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Coin Toss Decides $4.4M Contract

Wednesday, March 26, 2014

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What happens when two bidders on a government construction project submit identical low bids?

A. They sue.

B. They whine.

C. They appeal.

D. They flip a coin, shake hands over the decision, and move on amicably.

In Gretna, LA, approach "D" prevailed, and the $4.4 million contract went to a New Orleans contractor (who chose heads).

The unusual letting process for rehabilitating the Gretna Police Department headquarters went down to a coin toss when two of the seven contractors pursuing the project submitted low bids of $4,410,000. (The project was budgeted at $4.5 million.)

Gretna Coin Toss
nola.com screen grab

Ashton Miller Robinson flips a coin to determine which contractor will renovate the Gretna, LA, police headquarters. At right are representatives of F.H. Myers, who won the toss and the contract.

The bidders were F.H. Myers Constuction Corp. and Trimark Constructors LLC, both of New Orleans.

After the bids were verified and the contractors deemed equally qualified, the city ran the issue by lawyers. Ultimately, the lawyers, the city and the two bidders all agreed to a winner-take-all single flip of a special commemorative challenge coin.

Officials then spent about a week nailing down the terms of the toss.

Historic Occasion

As befitting a historic occasion—city officials could not recall another contract being awarded that way—a special (and neutral) flipper was designated. The honor went to Ashton Miller Robinson, 19, whose grandfather and great-grandfather were both longtime local police chiefs.

In fact, the new headquarters will be named for Robinson's great-grandfather, B.H. Miller Sr., a "legendary law enforcer" who served for 53 years, according to local ABC affiliate WGNO.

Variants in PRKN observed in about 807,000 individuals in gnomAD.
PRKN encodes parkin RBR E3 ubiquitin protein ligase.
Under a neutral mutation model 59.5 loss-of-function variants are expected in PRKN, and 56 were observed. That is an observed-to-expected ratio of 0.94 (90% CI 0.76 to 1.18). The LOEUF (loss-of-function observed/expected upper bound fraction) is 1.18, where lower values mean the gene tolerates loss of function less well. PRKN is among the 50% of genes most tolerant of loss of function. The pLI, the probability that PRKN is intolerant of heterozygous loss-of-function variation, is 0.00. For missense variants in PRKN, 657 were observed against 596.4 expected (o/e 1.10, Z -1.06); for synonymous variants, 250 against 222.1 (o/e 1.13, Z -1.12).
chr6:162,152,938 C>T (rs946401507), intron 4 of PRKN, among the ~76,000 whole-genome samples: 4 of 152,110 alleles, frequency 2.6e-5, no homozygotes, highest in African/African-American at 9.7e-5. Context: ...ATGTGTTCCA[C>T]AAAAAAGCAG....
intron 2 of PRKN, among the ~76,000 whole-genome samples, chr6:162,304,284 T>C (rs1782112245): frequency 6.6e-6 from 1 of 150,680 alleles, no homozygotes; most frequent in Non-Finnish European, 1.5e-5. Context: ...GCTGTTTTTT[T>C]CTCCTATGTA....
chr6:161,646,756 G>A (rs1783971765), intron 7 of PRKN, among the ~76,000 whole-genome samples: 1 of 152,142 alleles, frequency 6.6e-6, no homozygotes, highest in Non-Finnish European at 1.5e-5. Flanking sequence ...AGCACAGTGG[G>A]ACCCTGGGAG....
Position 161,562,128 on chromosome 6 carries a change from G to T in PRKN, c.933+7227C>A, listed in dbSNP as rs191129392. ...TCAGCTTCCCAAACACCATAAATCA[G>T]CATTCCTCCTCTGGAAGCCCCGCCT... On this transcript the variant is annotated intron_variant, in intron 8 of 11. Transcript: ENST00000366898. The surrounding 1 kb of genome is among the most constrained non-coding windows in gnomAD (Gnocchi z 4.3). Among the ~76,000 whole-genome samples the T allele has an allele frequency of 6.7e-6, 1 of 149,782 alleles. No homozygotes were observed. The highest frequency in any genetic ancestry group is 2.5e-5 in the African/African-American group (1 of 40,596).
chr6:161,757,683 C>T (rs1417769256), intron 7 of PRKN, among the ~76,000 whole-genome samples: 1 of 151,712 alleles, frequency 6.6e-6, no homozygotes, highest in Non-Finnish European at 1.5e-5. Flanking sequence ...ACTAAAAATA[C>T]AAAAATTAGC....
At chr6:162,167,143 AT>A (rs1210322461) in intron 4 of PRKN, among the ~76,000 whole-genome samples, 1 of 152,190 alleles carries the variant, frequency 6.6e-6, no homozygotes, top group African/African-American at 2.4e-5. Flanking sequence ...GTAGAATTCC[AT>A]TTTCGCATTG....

Papers were drawn from a police cap for the right to call the toss. F.H. Myers won the draw and called heads in the air.

Coin toss closeup
wgno.com screen grab

The bidders agreed to be legally bound by the toss, which used a special commemorative coin.

News video captured the action.

The coin landed heads, spurring high fives and handshakes all around. City officials boasted that the process, though unusual, may have been its most democratic and transparent contract award ever.

Flipping Over Contracts

Though unusual, the coin-toss award process is not unprecedented.

Last fall, officials at Citizenship and Immigration Canada used a "best two out of three" coin toss to award a $171,534 tech consulting contract three months after the bid period closed, the National Post reported.

In September, the Albion (IL) City Council awarded a $2,000 contract to one of two bidders who were equally qualified and submitted identical bids to remove concrete debris from the city's dump, according to The Navigator.

   

Tagged categories: Bidding; Commercial contractors; Government contracts; Rehabilitation/Repair; Renovation

Comment from jesse chasteen, (3/28/2014, 9:51 AM)

They should have deemed it a co-venture by virtue of the identical bids...more bodies would have reaped some reward. It would have doubled the assets going in and add tothe chance of timely completion at budget...Coin toss prettycool though..


Comment from Tom Schwerdt, (3/31/2014, 10:32 AM)

Ugh, no. A forced co-venture? Two sets of management with differing priorities. Madness.


Comment from jesse chasteen, (4/1/2014, 11:53 AM)

Goes back to sandbox 101(kindergarten) learn to get along or be held back...


Comment from Tom Schwerdt, (4/2/2014, 10:07 AM)

I’m all for voluntary partnerships, not forced ones. And your analogy is entirely wrong. These companies "got along" fine. Neither disputed the process, called in lawyers or pitched a fit.


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